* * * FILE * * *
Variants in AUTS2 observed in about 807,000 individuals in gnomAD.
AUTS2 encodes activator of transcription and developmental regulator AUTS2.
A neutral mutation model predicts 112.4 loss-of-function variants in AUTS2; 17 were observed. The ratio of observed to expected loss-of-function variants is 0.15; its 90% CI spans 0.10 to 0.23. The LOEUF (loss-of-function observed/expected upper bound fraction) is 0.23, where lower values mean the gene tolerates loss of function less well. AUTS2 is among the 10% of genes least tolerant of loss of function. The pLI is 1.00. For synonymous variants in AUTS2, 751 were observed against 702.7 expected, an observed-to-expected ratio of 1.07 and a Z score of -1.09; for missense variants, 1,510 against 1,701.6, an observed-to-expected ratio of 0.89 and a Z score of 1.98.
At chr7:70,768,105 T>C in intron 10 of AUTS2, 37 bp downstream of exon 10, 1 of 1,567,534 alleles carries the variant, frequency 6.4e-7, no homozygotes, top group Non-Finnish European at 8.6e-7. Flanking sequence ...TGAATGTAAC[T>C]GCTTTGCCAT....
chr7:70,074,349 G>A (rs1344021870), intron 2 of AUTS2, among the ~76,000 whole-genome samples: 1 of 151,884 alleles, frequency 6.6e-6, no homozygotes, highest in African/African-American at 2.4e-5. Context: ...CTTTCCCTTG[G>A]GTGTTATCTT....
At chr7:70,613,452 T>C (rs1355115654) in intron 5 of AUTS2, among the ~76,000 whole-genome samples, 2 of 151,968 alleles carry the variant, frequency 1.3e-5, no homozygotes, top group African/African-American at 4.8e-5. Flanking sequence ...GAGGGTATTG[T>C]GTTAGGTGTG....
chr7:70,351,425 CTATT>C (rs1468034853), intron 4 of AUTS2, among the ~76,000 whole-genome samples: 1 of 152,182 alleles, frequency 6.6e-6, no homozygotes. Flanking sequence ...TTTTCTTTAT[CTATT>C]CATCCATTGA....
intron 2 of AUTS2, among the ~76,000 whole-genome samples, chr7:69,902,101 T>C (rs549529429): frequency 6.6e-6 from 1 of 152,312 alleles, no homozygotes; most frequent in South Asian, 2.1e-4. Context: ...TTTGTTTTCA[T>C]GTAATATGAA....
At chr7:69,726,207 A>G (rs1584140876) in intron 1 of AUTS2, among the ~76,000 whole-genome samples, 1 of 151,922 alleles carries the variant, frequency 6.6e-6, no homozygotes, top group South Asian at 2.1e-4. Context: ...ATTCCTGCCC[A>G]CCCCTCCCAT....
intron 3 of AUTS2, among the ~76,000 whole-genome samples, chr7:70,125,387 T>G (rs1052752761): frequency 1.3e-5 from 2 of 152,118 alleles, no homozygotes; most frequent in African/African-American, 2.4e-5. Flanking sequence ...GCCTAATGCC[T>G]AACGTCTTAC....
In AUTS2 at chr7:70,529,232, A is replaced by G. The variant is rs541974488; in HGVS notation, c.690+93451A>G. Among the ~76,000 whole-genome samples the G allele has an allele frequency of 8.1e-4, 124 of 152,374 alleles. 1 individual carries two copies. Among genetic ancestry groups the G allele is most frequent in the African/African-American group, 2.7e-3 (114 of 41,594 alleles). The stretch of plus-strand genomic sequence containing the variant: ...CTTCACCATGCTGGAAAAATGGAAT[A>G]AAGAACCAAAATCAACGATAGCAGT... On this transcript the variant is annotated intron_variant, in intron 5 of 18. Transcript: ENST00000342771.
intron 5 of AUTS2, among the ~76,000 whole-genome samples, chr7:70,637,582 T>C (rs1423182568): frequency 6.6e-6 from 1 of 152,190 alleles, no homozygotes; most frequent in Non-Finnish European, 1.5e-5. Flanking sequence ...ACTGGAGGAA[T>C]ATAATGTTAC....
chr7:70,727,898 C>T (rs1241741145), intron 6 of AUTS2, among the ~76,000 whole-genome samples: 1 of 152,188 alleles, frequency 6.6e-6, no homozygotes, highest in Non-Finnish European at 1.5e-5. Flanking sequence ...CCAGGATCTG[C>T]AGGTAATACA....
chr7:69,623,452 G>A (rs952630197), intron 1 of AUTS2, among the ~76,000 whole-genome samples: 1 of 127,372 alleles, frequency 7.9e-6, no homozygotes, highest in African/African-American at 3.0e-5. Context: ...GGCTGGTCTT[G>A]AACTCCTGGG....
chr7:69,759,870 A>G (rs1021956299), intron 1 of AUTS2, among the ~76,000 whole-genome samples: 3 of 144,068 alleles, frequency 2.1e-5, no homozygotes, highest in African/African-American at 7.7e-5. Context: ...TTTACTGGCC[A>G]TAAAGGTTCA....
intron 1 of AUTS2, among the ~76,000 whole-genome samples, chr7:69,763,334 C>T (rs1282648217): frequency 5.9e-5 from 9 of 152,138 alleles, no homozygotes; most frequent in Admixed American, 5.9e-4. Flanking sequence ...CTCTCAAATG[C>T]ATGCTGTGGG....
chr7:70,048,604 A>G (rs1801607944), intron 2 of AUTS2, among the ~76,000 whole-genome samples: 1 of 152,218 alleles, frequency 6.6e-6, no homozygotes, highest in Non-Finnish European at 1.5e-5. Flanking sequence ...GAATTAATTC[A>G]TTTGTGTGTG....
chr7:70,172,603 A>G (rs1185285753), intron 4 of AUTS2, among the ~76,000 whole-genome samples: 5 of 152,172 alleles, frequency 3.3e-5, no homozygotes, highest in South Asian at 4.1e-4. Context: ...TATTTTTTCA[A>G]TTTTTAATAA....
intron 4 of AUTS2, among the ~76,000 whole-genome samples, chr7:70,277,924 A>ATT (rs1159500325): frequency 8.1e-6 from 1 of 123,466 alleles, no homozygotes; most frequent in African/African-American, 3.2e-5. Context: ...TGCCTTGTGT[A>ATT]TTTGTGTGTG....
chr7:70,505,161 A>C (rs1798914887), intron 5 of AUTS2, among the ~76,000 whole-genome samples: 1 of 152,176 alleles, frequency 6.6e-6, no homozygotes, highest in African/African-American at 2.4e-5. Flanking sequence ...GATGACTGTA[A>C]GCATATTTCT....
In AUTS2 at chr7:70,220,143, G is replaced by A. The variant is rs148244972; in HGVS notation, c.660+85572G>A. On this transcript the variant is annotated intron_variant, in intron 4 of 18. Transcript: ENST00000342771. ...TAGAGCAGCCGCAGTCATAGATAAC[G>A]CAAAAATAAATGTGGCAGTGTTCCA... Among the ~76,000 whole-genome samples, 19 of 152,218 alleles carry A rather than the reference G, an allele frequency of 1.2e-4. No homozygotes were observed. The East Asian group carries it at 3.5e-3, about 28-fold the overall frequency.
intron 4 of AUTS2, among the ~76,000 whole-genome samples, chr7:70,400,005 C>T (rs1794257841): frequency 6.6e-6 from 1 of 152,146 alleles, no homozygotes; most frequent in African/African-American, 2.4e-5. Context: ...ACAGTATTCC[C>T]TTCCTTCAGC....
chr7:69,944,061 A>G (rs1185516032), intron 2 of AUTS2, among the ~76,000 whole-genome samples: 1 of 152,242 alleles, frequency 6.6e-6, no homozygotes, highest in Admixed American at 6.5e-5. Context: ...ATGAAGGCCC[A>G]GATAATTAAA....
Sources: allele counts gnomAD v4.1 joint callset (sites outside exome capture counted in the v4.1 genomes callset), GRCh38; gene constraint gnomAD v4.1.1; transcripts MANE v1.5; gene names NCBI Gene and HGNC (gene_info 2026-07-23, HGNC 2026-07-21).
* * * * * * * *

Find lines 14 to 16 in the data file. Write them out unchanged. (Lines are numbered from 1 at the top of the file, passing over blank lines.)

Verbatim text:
chr7:69,623,452 G>A (rs952630197), intron 1 of AUTS2, among the ~76,000 whole-genome samples: 1 of 127,372 alleles, frequency 7.9e-6, no homozygotes, highest in African/African-American at 3.0e-5. Context: ...GGCTGGTCTT[G>A]AACTCCTGGG....
chr7:69,759,870 A>G (rs1021956299), intron 1 of AUTS2, among the ~76,000 whole-genome samples: 3 of 144,068 alleles, frequency 2.1e-5, no homozygotes, highest in African/African-American at 7.7e-5. Context: ...TTTACTGGCC[A>G]TAAAGGTTCA....
intron 1 of AUTS2, among the ~76,000 whole-genome samples, chr7:69,763,334 C>T (rs1282648217): frequency 5.9e-5 from 9 of 152,138 alleles, no homozygotes; most frequent in Admixed American, 5.9e-4. Flanking sequence ...CTCTCAAATG[C>T]ATGCTGTGGG....